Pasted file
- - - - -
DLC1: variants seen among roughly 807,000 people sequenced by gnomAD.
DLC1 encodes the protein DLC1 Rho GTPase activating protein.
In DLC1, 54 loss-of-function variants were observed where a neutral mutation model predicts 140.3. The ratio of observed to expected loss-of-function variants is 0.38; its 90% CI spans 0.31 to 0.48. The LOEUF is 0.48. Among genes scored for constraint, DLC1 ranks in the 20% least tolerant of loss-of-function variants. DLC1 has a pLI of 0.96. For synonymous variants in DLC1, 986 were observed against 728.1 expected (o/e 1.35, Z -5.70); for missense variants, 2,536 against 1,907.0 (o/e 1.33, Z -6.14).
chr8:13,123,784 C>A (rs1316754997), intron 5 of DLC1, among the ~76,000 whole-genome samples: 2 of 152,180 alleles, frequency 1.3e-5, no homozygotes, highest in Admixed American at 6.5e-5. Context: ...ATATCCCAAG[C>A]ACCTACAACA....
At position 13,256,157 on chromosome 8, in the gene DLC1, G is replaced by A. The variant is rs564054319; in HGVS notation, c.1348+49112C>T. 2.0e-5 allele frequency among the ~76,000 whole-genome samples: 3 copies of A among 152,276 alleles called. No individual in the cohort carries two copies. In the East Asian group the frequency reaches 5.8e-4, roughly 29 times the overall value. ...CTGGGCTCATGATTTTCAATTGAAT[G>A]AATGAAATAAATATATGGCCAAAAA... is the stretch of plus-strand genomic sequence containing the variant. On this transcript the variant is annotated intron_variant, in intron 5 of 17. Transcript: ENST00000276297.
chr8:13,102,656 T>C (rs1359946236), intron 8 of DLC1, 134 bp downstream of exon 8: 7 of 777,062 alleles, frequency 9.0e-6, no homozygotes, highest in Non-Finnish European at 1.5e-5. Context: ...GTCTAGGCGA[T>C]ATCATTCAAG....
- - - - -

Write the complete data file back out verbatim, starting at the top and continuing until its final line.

DLC1: variants seen among roughly 807,000 people sequenced by gnomAD.
DLC1 encodes the protein DLC1 Rho GTPase activating protein.
In DLC1, 54 loss-of-function variants were observed where a neutral mutation model predicts 140.3. The ratio of observed to expected loss-of-function variants is 0.38; its 90% CI spans 0.31 to 0.48. The LOEUF is 0.48. Among genes scored for constraint, DLC1 ranks in the 20% least tolerant of loss-of-function variants. DLC1 has a pLI of 0.96. For synonymous variants in DLC1, 986 were observed against 728.1 expected (o/e 1.35, Z -5.70); for missense variants, 2,536 against 1,907.0 (o/e 1.33, Z -6.14).
chr8:13,123,784 C>A (rs1316754997), intron 5 of DLC1, among the ~76,000 whole-genome samples: 2 of 152,180 alleles, frequency 1.3e-5, no homozygotes, highest in Admixed American at 6.5e-5. Context: ...ATATCCCAAG[C>A]ACCTACAACA....
At position 13,256,157 on chromosome 8, in the gene DLC1, G is replaced by A. The variant is rs564054319; in HGVS notation, c.1348+49112C>T. 2.0e-5 allele frequency among the ~76,000 whole-genome samples: 3 copies of A among 152,276 alleles called. No individual in the cohort carries two copies. In the East Asian group the frequency reaches 5.8e-4, roughly 29 times the overall value. ...CTGGGCTCATGATTTTCAATTGAAT[G>A]AATGAAATAAATATATGGCCAAAAA... is the stretch of plus-strand genomic sequence containing the variant. On this transcript the variant is annotated intron_variant, in intron 5 of 17. Transcript: ENST00000276297.
chr8:13,102,656 T>C (rs1359946236), intron 8 of DLC1, 134 bp downstream of exon 8: 7 of 777,062 alleles, frequency 9.0e-6, no homozygotes, highest in Non-Finnish European at 1.5e-5. Context: ...GTCTAGGCGA[T>C]ATCATTCAAG....